Baghdad's international airport will officially reopen Thursday, 10 years after it was closed because of sanctions imposed on Iraq following its 1990 invasion of Kuwait, government sources said Wednesday.
But the only business the airport will have for the foreseeable future is likely to be limited to the arrival of private flights from abroad, which are not specifically banned by the embargo.
There is still an embargo on commercial flights.
Iraq's transport ministry said on July 25th that repairs were underway at Baghdad's Saddam International Airport to modernize it to handle the eventual resumption of air traffic halted since the 1991 Gulf War over Kuwait.
Iraqi Airways, grounded since 1990, has been sending pilots and technicians to Malaysia and Jordan to train on plane built by the European consortium Airbus.
Airbus has pledged to deliver the planes the company ordered in 1989 after sanctions are lifted, according to Baghdad.
Russia is studying the possibility of resuming flights to Iraq "by the end of the year" in exchange for a commitment from Baghdad to implement UN Security Council resolutions.
Iraq, backed by France, argues that non-commercial passenger flights to and from Iraq are not specifically banned under the decade-old embargo.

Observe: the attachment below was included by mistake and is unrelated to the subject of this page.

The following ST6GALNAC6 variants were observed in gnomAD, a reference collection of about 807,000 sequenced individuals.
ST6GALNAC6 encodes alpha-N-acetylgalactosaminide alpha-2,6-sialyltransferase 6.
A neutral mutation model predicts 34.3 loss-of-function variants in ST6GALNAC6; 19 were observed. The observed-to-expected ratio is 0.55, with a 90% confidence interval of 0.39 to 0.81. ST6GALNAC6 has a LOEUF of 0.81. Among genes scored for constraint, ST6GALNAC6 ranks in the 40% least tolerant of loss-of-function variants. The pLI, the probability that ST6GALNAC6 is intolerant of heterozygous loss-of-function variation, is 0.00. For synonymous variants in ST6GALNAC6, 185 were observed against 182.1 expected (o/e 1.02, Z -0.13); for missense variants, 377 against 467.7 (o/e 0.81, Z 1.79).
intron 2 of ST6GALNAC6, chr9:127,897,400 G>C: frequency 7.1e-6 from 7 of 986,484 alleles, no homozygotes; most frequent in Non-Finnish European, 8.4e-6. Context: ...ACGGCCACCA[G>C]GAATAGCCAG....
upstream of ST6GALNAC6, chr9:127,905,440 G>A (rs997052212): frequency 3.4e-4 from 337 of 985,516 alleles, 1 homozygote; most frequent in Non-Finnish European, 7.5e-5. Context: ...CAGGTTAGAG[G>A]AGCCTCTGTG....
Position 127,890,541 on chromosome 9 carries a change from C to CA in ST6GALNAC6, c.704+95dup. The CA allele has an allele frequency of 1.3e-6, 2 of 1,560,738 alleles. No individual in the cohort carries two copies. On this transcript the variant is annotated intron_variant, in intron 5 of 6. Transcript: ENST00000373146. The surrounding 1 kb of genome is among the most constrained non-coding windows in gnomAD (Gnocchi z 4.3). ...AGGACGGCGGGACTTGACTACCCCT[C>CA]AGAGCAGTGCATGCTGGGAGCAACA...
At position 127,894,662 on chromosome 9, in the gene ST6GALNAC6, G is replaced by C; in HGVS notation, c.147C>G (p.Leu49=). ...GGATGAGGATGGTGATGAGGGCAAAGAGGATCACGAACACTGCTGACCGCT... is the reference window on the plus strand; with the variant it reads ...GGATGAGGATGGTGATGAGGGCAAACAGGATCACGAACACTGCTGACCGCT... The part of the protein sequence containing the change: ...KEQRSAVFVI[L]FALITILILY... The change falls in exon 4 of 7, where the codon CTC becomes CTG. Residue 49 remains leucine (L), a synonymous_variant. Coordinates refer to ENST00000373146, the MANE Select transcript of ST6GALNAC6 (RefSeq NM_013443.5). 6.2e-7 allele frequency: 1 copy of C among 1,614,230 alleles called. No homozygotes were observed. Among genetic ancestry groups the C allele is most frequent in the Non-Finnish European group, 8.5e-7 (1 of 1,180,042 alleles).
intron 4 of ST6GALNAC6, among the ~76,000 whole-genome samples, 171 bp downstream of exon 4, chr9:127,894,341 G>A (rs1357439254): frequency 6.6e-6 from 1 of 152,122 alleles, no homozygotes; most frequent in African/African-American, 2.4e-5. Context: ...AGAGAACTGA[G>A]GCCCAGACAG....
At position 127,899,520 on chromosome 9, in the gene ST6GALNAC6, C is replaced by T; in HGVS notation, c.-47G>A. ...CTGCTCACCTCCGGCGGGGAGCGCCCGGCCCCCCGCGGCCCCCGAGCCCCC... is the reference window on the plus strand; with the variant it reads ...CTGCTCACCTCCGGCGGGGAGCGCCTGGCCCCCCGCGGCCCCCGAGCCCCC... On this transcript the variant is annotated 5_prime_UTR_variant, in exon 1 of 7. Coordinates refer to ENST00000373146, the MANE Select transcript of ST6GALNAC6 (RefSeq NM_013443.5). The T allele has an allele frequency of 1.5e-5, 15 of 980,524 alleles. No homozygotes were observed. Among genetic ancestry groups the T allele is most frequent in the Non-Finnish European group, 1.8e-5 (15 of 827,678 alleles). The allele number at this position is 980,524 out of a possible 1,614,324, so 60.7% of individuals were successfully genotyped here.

Iraqi Airways' fleet of some 30 planes, meanwhile, is stranded in Iraq, Iran, Jordan, Libya and Tunisia.
Around 150 French celebrities are due to make a dramatic call for the end to sanctions by breaking the air embargo over the country with a Paris-Baghdad flight on September 29th.
In April, an Italian pilot flew a sanctions-busting mercy flight to Iraq with two other Italians and a French priest in a gesture of solidarity with the Iraqi people.
Several planes have landed in Iraq since 1990, but the Italian flight was the first international one without UN authorization.
Iraqi planes transporting Muslim pilgrims to Mecca broke the embargo in 1999, but the United Nations soon after authorized the flights - BAGHDAD (AFP)
© 2000 Al Bawaba (www.albawaba.com )